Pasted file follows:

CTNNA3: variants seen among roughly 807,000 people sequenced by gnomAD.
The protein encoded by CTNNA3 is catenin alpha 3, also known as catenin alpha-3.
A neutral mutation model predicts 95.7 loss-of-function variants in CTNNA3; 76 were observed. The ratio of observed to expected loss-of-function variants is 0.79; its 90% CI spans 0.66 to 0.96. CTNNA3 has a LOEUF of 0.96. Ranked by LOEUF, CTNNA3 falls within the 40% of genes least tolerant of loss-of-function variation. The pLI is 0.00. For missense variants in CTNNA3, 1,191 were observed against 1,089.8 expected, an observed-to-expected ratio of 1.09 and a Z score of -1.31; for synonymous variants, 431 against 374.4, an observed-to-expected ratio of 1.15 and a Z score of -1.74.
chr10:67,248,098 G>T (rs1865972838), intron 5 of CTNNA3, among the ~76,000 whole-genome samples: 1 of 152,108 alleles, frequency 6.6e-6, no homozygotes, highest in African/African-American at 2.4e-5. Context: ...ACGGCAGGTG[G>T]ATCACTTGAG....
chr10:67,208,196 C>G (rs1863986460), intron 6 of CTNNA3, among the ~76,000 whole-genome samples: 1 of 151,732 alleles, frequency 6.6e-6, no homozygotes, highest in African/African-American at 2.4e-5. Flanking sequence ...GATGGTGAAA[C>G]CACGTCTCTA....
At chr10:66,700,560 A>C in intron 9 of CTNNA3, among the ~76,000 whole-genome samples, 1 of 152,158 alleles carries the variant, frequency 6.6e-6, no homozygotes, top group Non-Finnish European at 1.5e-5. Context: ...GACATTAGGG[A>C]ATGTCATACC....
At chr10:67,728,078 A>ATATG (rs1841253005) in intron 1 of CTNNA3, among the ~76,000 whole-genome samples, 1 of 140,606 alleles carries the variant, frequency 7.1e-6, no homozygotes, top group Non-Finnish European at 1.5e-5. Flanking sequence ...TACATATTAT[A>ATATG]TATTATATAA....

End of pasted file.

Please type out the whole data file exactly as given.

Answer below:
CTNNA3: variants seen among roughly 807,000 people sequenced by gnomAD.
The protein encoded by CTNNA3 is catenin alpha 3, also known as catenin alpha-3.
A neutral mutation model predicts 95.7 loss-of-function variants in CTNNA3; 76 were observed. The ratio of observed to expected loss-of-function variants is 0.79; its 90% CI spans 0.66 to 0.96. CTNNA3 has a LOEUF of 0.96. Ranked by LOEUF, CTNNA3 falls within the 40% of genes least tolerant of loss-of-function variation. The pLI is 0.00. For missense variants in CTNNA3, 1,191 were observed against 1,089.8 expected, an observed-to-expected ratio of 1.09 and a Z score of -1.31; for synonymous variants, 431 against 374.4, an observed-to-expected ratio of 1.15 and a Z score of -1.74.
chr10:67,248,098 G>T (rs1865972838), intron 5 of CTNNA3, among the ~76,000 whole-genome samples: 1 of 152,108 alleles, frequency 6.6e-6, no homozygotes, highest in African/African-American at 2.4e-5. Context: ...ACGGCAGGTG[G>T]ATCACTTGAG....
chr10:67,208,196 C>G (rs1863986460), intron 6 of CTNNA3, among the ~76,000 whole-genome samples: 1 of 151,732 alleles, frequency 6.6e-6, no homozygotes, highest in African/African-American at 2.4e-5. Flanking sequence ...GATGGTGAAA[C>G]CACGTCTCTA....
At chr10:66,700,560 A>C in intron 9 of CTNNA3, among the ~76,000 whole-genome samples, 1 of 152,158 alleles carries the variant, frequency 6.6e-6, no homozygotes, top group Non-Finnish European at 1.5e-5. Context: ...GACATTAGGG[A>C]ATGTCATACC....
At chr10:67,728,078 A>ATATG (rs1841253005) in intron 1 of CTNNA3, among the ~76,000 whole-genome samples, 1 of 140,606 alleles carries the variant, frequency 7.1e-6, no homozygotes, top group Non-Finnish European at 1.5e-5. Flanking sequence ...TACATATTAT[A>ATATG]TATTATATAA....